Each week on #HallOfFameThursday, Horse Network recognizes members of the Show Jumping Hall of Fame with an inductee’s plaque, historical photos and, on the first Thursday of every month, an historic article on a major win by a Show Jumping Hall of Famer. This week, we pay tribute to Melanie Smith Taylor’s iconic mount, Calypso, Show Jumping Hall of Fame class of 2002.
An Olympic Gold-Medal winning horse, Calypso was ridden throughout his illustrious career by Melanie Smith Taylor.
The 16 hand and ½ inch Dutch gelding won his first Grand Prix, the prestigious and challenging American Jumping Derby in Newport, RI, at the age of six. It was then that Calypso provided a preview of what was to come—being named to two United States Olympic teams, a win at the World Cup Final and many major Nations Cup and Grand Prix wins.
In 1980, Calypso, or “Lyps” as he was called around the barn, carried Taylor to the Reserve Championship in the World Cup Final in Baltimore. Shortly thereafter, they were selected to compete on the U.S. Olympic Team scheduled to travel to Moscow. When the United States decided to boycott those Games, the United States Equestrian Team created a European tour instead. On this tour, Calypso earned top honors in the Grand Prix of Paris and at the Horse and Hound Cup at Wembley, and also helped the U.S. team win the Nations Cup in Dublin. The tour concluded with the “Alternate” Olympics in Rotterdam where the young horse carried Taylor to the individual Bronze Medal.
In 1982, Calypso and Taylor emerged as World Cup Champions, winning the Final at Gothenburg, Sweden. Later that year, the pair helped the U.S. team to a fourth place finish at the World Championships in Dublin, Ireland. Calypso also carried Taylor to a tenth place finish individually, the top U.S. finish in the Championships. That same year, Calypso and Taylor won two legs of the Triple Crown of Show Jumping—the American Invitational and the American Gold Cup—which, along with their earlier Jumping Derby win, made them the only horse/rider combination ever to win all three Triple Crown events.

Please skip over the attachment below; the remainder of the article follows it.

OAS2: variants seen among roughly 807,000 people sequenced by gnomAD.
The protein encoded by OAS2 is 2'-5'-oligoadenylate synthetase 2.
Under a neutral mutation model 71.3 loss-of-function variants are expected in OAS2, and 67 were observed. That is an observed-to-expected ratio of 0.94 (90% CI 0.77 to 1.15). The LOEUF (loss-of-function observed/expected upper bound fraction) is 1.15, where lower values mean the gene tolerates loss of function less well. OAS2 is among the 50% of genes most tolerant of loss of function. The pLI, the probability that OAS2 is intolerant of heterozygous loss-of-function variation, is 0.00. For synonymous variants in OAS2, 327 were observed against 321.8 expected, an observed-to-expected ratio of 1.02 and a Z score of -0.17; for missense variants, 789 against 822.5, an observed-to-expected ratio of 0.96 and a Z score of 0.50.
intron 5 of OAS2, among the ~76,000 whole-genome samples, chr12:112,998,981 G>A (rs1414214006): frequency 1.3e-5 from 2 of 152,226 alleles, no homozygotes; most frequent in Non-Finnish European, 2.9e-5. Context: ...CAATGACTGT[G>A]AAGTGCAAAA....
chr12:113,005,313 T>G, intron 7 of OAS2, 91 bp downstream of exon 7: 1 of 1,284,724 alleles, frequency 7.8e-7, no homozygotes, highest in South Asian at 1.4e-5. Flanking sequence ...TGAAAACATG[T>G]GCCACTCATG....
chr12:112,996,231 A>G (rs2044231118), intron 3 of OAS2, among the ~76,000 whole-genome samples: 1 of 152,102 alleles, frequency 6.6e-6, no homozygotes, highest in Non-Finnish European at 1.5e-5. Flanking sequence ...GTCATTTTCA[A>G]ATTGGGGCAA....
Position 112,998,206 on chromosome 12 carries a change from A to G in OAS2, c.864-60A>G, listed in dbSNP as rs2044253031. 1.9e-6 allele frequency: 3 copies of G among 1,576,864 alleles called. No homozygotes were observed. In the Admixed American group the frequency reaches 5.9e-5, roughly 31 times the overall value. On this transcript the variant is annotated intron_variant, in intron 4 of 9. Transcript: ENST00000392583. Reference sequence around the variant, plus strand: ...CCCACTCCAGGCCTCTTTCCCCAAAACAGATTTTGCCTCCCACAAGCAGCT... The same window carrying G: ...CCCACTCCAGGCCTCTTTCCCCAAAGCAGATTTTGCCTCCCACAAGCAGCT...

Calypso and Taylor turned in yet another great World Cup performance in 1983, this time finishing third. Facing an injury that year after helping the USET win the Nations Cup in Calgary, Canada, Calypso was rested for the remainder of the year. By 1984, he was fully recovered and went on to anchor the USET ’s Gold-Medal winning team at the Los Angeles Olympic Games. In 1984 and 1985, he won the coveted $150,000 and then-record $200,000 Grand Prix in Culpeper, VA.
In 1988, the Dutch horse with tremendous talent, a big heart and a brilliant mind was retired to Taylor’s Tennessee farm where he lived in contentment until his death in December 2002.
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